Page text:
Julian Assange says Bradley Manning verdict is ‘dangerous precedent’ as whistleblower faces 136 years in prison despite aiding the enemy acquittal
Charge carried possible life sentence, although he will now be sentenced after convictions on lesser charges of espionage and theft
Bradley Manning, the former military intelligence analyst who gave classified information to the anti-secrecy site WikiLeaks in 2010, was acquitted of aiding the enemy, the gravest charge laid against him by the US government. He was, however, found guilty of 19 other charges including espionage, theft and computer fraud.
Delivered by Judge Denise Lind at the Fort Meade base, the acquittal on the aiding the enemy charge was a large if somewhat symbolic victory for the defence and to Manning supporters worldwide. All the other guilty verdicts – including six on charges of espionage – still mean that Manning faces spending the rest of his life in prison.
Afghan civilian casualty numbers jump by quarter in first half of 2013
UN records 1,319 killed and 2,533 injured, with landmines and battles between Afghan forces and insurgents mainly to blame
Turks harbour mixed feelings about Erdogan in wake of Gezi protests
The big rallies may be over but unease at the PM’s growing power still lingers
As the sun sets over Istanbul, hundreds sit cross-legged along Istiklal Caddesi, its busiest pedestrian street, preparing for iftar, the meal that breaks the Ramadan fast.
It is a rather incongruous picnic: plates of food are laid on the ground as curious tourists walk past. Just a few metres away, scores of riot police stand watching.
Now and then a chant goes up from those gathered for the makeshift iftar: usually references to the clashes that erupted on nearby Taksim Square in late May when police moved on demonstrators protesting plans to redevelop an adjoining park. “This is a symbolic iftar,” says Ahmet, a student who took part in the initial demonstrations. “We’re here to make a statement. Our protest continues despite everything.”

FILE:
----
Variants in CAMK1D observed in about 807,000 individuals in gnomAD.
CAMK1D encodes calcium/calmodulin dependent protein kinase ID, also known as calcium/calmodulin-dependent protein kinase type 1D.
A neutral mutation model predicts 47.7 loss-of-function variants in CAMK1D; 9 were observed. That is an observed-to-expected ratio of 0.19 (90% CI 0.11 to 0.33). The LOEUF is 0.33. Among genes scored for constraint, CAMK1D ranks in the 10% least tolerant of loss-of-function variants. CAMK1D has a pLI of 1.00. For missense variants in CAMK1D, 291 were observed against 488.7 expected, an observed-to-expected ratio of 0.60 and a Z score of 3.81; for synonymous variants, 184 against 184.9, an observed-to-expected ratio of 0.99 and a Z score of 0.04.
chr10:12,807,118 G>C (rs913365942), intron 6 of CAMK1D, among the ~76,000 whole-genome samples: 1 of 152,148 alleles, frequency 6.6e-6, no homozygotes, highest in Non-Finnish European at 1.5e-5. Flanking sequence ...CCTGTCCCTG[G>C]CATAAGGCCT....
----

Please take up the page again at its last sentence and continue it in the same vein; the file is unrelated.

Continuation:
China airport bomber arrested: lawyer
July 31, 2013 – 12:54AM
Long lines and bated breath as Zim waits for Mugabe’s vote
Robert Mugabe is still to vote after Morgan Tsvangirai cast his ballot while Zimbabweans queue outside polling stations countrywide.
How socially inclusive is Latin America?
For the second year, Americas Quarterly has ranked Latin American countries and the United States based on social inclusion, sifting through multiple data sets for 16 nations, including variables like access to education, housing, and employment, as well as basic political, civil, and human rights. Here are some of the highest and lowest ranking countries and emerging trends:
1. Why ‘social inclusion?’
The social inclusion index – which ranks countries based on how they score on each of the 21 variables – seeks to provide a picture of progress that goes beyond economic growth and poverty figures. It evaluates how well countries provide opportunities for their citizens to “enjoy a safe, productive life as a fully integrated member of society – irrespective of race, ethnicity, gender, or sexual orientation.”